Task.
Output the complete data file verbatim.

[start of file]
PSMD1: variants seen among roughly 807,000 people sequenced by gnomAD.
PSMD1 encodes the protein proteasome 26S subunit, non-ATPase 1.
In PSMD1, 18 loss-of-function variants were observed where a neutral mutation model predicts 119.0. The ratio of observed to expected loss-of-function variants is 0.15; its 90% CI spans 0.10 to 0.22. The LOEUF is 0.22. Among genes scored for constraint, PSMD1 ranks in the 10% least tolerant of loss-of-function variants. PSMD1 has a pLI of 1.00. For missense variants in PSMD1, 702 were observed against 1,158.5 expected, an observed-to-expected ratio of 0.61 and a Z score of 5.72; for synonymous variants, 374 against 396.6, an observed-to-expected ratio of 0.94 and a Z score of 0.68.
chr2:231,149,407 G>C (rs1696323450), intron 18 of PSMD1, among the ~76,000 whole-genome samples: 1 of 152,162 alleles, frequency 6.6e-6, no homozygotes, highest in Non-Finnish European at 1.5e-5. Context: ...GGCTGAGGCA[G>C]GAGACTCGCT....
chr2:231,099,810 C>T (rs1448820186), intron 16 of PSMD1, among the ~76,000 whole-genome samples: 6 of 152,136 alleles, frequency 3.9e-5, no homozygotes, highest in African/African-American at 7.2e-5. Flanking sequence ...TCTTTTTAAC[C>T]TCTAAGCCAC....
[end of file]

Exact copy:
PSMD1: variants seen among roughly 807,000 people sequenced by gnomAD.
PSMD1 encodes the protein proteasome 26S subunit, non-ATPase 1.
In PSMD1, 18 loss-of-function variants were observed where a neutral mutation model predicts 119.0. The ratio of observed to expected loss-of-function variants is 0.15; its 90% CI spans 0.10 to 0.22. The LOEUF is 0.22. Among genes scored for constraint, PSMD1 ranks in the 10% least tolerant of loss-of-function variants. PSMD1 has a pLI of 1.00. For missense variants in PSMD1, 702 were observed against 1,158.5 expected, an observed-to-expected ratio of 0.61 and a Z score of 5.72; for synonymous variants, 374 against 396.6, an observed-to-expected ratio of 0.94 and a Z score of 0.68.
chr2:231,149,407 G>C (rs1696323450), intron 18 of PSMD1, among the ~76,000 whole-genome samples: 1 of 152,162 alleles, frequency 6.6e-6, no homozygotes, highest in Non-Finnish European at 1.5e-5. Context: ...GGCTGAGGCA[G>C]GAGACTCGCT....
chr2:231,099,810 C>T (rs1448820186), intron 16 of PSMD1, among the ~76,000 whole-genome samples: 6 of 152,136 alleles, frequency 3.9e-5, no homozygotes, highest in African/African-American at 7.2e-5. Flanking sequence ...TCTTTTTAAC[C>T]TCTAAGCCAC....